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Reflections on Interactivity Through 25 years of SIGGRAPH

by Carl Machover

Interactivity has cone a long ways from the early days of SIGGRAPH. Early users would sit and use a keyboard to interface with the machine, typing lines of code. Today's users have it much easier, with current interfaces letting users express themselves in more comfortable, natural ways, such as with a mouse or a joystick.

Ease in the use of computers has come a long way. A good parallel would be the development of the automobile. The early cars almost required a chauffeur to handle them. Scientists and engineers using the early computer systems required a "guru" to tap into their potential. Well, with the advent of self-starters and automatic transmissions, any one can operate a car these days, and it's the same for computers. Graphical interfaces and improved operating systems can allow a user to control their own destiny, so to speak. And that's the core of what we mean when we say user-friendly.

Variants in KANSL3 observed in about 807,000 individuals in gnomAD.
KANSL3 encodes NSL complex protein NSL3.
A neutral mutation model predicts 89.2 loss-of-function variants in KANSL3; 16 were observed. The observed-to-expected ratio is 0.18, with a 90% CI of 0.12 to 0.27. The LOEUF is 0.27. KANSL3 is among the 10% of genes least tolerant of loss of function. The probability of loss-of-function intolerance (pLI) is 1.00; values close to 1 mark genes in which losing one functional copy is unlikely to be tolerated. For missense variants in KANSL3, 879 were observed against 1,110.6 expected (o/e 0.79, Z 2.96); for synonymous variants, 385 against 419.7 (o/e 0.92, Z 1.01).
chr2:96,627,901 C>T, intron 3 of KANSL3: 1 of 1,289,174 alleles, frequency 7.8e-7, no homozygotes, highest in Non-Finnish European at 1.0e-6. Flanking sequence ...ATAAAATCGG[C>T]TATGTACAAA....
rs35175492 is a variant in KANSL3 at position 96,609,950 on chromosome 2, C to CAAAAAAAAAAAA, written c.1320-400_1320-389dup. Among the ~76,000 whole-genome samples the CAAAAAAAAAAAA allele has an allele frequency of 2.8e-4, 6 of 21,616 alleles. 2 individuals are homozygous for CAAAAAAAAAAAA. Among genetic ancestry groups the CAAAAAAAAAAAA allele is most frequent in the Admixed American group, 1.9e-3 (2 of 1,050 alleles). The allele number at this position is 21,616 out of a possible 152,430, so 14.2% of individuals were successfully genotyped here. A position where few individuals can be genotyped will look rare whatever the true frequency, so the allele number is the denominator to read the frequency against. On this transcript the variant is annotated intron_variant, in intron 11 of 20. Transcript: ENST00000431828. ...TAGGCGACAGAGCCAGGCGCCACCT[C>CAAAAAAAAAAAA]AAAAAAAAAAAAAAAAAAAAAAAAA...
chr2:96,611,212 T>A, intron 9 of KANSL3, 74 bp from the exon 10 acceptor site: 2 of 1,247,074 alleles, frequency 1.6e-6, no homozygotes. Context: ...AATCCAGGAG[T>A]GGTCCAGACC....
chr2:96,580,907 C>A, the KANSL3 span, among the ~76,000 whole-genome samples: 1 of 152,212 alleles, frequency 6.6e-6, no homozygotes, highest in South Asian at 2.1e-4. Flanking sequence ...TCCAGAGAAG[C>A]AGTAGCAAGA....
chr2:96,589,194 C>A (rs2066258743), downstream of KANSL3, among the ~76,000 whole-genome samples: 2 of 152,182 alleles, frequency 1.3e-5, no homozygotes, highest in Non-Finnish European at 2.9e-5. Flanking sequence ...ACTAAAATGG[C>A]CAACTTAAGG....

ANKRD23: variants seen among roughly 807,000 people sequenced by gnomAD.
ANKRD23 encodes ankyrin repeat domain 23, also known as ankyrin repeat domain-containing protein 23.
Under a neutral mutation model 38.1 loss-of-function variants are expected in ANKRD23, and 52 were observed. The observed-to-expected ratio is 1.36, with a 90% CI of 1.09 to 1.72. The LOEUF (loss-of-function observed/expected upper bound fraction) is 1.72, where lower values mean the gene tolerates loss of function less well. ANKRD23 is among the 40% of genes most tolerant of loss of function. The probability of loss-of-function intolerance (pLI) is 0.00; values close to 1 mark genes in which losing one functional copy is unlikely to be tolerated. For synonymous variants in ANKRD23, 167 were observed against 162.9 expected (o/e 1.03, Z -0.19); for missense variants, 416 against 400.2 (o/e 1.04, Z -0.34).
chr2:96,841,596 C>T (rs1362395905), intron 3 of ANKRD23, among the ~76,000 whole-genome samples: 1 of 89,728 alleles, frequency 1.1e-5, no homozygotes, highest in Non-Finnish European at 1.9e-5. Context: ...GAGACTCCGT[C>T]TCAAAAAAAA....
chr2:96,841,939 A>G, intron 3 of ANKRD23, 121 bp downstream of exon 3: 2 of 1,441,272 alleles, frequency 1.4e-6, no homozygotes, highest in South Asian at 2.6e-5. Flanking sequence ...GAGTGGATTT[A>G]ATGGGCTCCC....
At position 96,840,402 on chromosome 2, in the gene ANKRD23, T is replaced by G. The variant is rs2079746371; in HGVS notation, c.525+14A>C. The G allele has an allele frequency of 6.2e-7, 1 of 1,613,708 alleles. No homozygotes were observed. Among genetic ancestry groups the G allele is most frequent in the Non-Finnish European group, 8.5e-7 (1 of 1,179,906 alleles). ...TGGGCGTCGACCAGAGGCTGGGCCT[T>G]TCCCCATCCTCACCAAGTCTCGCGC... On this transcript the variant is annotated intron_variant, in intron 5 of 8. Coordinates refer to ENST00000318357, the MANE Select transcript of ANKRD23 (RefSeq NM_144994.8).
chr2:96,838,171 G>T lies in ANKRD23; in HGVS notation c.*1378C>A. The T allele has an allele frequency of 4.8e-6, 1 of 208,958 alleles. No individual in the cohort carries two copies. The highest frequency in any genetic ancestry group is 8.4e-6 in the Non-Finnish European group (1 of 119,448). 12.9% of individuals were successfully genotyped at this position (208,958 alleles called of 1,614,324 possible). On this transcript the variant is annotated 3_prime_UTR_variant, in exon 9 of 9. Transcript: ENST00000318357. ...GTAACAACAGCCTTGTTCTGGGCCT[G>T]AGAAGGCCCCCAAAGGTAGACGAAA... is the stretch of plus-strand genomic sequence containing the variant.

We'll see even more of this in the near future, with voice recognition and gesture recognition moving into the mainstream.

I like to say that computers are fast and dumb. People, on the other hand are slow and creative. That's why computer graphics is the ideal interface between machines and people; it brings the best of both together.